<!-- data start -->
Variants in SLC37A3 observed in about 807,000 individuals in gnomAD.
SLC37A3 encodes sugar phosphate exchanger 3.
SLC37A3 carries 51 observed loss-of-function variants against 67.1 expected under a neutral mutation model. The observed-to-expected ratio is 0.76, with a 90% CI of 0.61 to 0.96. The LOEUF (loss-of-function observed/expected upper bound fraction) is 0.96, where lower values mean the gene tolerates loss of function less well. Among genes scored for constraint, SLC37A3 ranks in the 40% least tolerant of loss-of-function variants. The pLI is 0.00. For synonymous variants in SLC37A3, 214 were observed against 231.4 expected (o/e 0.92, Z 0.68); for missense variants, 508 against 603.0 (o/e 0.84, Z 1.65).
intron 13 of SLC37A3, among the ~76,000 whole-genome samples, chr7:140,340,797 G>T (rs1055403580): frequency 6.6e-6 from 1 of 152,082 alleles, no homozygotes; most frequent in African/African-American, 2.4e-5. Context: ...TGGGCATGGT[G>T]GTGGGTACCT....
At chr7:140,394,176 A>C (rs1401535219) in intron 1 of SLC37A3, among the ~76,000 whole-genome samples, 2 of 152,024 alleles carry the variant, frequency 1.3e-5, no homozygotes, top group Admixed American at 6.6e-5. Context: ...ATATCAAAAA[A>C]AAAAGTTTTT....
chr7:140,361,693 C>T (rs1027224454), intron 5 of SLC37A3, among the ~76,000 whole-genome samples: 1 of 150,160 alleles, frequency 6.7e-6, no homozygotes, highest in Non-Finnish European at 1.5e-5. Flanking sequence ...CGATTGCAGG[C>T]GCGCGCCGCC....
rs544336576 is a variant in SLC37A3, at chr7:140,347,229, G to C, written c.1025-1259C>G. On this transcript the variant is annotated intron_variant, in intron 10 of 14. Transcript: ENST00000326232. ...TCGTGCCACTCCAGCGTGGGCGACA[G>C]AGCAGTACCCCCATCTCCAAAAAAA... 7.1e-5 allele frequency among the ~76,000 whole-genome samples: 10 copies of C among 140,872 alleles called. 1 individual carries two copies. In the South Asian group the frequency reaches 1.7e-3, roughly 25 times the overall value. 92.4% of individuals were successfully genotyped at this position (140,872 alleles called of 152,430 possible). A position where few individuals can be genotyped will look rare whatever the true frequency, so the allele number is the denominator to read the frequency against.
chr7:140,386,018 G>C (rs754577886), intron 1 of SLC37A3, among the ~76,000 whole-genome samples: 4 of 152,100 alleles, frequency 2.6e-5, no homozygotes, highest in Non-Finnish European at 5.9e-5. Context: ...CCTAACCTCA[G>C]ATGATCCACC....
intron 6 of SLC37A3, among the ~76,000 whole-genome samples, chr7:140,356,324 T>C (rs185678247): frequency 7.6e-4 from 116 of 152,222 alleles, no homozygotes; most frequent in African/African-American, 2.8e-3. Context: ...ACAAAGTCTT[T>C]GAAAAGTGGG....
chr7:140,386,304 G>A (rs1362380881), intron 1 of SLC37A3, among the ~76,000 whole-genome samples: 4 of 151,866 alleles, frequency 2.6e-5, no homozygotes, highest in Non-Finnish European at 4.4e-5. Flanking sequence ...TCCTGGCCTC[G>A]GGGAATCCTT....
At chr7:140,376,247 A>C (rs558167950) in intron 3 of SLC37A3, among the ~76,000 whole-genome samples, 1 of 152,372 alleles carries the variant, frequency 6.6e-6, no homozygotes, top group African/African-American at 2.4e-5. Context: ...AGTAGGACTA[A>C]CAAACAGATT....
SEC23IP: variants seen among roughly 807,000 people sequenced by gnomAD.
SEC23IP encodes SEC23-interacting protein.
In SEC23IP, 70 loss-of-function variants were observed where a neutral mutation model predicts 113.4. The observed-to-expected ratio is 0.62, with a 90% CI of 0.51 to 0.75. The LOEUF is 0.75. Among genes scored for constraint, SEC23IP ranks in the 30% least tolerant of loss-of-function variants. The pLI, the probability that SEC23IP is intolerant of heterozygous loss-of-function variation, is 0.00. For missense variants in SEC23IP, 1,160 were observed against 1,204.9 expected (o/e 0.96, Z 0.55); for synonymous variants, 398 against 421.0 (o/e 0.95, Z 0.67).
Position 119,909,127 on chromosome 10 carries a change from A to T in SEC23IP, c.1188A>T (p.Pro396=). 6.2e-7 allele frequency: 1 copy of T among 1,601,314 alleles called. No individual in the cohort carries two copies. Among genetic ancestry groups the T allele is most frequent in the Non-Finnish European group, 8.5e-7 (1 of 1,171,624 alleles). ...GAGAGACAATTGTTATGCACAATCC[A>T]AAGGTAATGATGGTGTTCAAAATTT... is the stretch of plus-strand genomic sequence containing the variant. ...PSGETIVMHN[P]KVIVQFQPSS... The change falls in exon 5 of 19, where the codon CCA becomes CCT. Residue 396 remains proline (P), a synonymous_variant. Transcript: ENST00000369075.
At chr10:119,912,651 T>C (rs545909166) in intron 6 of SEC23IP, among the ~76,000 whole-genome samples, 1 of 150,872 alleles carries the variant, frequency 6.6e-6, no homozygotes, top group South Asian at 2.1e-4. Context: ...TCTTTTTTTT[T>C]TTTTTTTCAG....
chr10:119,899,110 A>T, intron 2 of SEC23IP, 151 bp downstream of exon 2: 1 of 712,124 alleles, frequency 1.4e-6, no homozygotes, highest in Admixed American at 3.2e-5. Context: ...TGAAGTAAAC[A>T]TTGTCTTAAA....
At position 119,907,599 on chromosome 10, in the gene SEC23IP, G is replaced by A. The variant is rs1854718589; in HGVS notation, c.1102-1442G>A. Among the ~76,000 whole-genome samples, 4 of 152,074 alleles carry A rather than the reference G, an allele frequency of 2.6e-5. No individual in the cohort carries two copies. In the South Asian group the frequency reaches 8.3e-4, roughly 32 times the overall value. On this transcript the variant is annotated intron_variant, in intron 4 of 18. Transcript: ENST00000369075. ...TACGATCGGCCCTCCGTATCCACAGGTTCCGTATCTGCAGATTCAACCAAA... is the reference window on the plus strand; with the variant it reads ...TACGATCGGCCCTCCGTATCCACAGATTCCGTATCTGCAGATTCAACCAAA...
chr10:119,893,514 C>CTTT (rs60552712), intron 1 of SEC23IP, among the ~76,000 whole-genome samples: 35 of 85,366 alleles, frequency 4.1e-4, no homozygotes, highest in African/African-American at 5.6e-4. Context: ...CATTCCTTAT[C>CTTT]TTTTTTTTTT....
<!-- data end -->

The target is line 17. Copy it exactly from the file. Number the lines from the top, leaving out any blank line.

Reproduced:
chr10:119,899,110 A>T, intron 2 of SEC23IP, 151 bp downstream of exon 2: 1 of 712,124 alleles, frequency 1.4e-6, no homozygotes, highest in Admixed American at 3.2e-5. Context: ...TGAAGTAAAC[A>T]TTGTCTTAAA....